In 2011 I became obsessed with reading about taxidermy and preserving techniques, so decided to have a go at trying out a few traditional techniques on fish skins and to my joy I found I loved it. Unfortunately, back in my studio space at Grays School of Art, and away from the resources I had readily available to me in Shetland it wasn’t so easy to carry out these techniques on fish skins so I really wanted to try and recreate some of the textures and results on a different material. After a lot of thought I decided seaweed would be a great option, scouring the beaches of Aberdeen to find such material of a decent size proved rather unsuccessful and incredibly time consuming so I therefor decided to buy Nori seaweed sheets (usually used for sushi making) and try out some techniques on the sheets. I used different mixes of salt, soda crystals and copper sulphate liquids to soak the sheets of seaweed and allow them to dry. The results were fantastic and each sheet came out completely different and unique, I was delighted. What started as an experiment on a couple of sheets resulted in me bulk buying hundreds of nori sheets online and turning my studio space into a bit of a science lab. I don’t think I’ve ever had so much fun working on a piece before, primarily because I had no idea where it was going and how it would look in the end, it was all about the material and the process.
When I realised I had literally hundreds of sheets of seaweed in which were crystallised with salt, copper sulphate and all forms of magical materials I was in a great dilemma at how to display them, I wanted to make larger panels so started the slow and very delicate process of hand stitching each individual panel together to make two large panels. I really wanted the viewer to feel surrounded by the piece, so they could get right amongst it, smell the seaweed and salt and feel tiny its presence. I luckily stumbled across planks of discarded wood which had naturally decayed and weathered and it just seemed to fit with the piece, I gathered them up and decayed them either further by soaking them in a copper sulphate solution before working salt into them. I bolted the planks together to make this free standing frame which when stood up reached a rather grand height of approximately 6.5ft. The piece was displayed in a slightly curved shape to wrap around the viewer and allow them to see all sides of the seaweed panels.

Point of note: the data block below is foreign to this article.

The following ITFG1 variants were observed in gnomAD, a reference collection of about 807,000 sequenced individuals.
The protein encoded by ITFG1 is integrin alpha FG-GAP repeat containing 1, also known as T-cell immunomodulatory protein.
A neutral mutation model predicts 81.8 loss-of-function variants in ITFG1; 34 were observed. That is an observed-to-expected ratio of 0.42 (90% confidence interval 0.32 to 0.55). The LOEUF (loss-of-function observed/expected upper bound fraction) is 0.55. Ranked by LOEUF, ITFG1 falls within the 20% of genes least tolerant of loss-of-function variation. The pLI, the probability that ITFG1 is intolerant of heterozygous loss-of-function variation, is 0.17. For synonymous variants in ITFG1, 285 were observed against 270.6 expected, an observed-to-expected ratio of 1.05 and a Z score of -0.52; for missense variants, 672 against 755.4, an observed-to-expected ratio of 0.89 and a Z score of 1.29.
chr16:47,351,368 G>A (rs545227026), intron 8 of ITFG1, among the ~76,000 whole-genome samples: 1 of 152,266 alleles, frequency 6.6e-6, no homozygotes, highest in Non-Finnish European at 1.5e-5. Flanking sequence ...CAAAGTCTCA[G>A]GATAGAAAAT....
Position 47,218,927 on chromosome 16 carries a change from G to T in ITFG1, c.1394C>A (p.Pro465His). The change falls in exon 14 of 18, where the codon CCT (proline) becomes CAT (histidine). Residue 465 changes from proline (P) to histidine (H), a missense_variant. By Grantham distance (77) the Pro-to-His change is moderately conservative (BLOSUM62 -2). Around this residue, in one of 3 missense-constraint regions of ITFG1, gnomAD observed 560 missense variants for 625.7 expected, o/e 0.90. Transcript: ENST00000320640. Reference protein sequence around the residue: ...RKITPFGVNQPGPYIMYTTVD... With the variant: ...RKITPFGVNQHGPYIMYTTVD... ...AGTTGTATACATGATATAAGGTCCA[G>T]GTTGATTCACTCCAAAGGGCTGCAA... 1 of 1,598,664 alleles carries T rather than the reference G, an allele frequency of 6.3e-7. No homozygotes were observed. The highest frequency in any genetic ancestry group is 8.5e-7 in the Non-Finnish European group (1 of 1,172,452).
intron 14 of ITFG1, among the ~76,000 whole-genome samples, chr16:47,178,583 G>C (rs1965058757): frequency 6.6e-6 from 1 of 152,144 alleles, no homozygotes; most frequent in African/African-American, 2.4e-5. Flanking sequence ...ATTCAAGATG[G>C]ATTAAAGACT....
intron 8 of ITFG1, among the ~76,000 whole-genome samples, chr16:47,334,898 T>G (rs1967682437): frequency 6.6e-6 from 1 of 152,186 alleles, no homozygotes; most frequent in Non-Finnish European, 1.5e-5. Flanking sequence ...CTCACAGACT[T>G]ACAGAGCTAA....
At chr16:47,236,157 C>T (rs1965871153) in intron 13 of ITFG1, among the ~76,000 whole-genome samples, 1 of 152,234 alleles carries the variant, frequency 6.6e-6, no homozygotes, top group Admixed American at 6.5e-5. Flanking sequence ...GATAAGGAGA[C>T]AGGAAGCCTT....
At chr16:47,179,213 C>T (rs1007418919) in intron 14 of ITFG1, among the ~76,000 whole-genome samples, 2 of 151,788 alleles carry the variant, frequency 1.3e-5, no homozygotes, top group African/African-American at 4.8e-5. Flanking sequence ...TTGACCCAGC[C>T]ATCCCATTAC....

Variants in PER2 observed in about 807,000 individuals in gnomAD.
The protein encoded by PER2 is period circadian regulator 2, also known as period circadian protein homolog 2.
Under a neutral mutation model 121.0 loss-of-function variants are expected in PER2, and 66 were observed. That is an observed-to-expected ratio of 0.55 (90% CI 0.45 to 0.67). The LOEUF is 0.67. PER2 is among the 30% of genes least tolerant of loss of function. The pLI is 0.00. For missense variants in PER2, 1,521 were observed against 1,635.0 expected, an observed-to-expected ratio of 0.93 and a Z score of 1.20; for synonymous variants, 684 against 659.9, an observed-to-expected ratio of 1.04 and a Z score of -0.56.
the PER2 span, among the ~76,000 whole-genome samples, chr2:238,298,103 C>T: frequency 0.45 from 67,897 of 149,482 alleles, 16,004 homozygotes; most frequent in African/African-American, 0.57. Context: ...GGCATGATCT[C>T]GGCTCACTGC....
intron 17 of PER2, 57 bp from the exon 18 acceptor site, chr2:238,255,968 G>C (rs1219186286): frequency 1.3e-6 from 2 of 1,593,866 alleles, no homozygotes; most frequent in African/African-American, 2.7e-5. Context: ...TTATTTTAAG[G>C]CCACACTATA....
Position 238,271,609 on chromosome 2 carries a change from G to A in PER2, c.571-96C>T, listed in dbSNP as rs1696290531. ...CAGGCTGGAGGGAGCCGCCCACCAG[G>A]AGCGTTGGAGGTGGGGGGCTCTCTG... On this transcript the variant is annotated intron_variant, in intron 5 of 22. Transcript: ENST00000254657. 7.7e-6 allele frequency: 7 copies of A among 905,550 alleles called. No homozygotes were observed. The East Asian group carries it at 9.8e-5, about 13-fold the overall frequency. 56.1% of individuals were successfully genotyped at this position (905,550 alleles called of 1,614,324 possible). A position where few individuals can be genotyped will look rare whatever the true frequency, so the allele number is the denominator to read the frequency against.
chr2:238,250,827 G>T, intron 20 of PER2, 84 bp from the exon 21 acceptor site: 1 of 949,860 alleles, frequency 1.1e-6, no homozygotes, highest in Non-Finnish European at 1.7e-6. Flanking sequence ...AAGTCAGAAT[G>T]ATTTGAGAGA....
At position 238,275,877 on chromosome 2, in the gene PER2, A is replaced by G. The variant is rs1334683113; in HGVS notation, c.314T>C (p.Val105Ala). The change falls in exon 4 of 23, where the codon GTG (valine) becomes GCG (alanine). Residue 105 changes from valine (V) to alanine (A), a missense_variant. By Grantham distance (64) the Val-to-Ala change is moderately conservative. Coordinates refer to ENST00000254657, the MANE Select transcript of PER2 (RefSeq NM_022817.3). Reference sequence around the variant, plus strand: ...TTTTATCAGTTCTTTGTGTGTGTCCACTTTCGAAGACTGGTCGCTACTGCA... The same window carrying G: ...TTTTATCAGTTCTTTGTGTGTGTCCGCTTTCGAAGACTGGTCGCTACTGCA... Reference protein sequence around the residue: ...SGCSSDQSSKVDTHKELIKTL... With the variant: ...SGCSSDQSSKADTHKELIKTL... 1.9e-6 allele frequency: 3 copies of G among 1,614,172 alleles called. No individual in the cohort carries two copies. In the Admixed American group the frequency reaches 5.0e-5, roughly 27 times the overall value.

Seaweed panels, showing the colour and texture variations between different preserving techniques and the length in which they have been allowed to preserve.
Myself during the long process of stitching together the seaweed sheets.
Studio. Seaweed hanging up to dry, various installation plans in the background.
The finished installation.
Looking through the installation.
Side view. Showing the curve of the structure itself.
The beauty of copper sulphate crystals. Fantastically intense blue.
Salt crystals started growing everywhere in my studio, not just on the seaweed! I even lost a pair of shoes to the crystals in which engulfed them.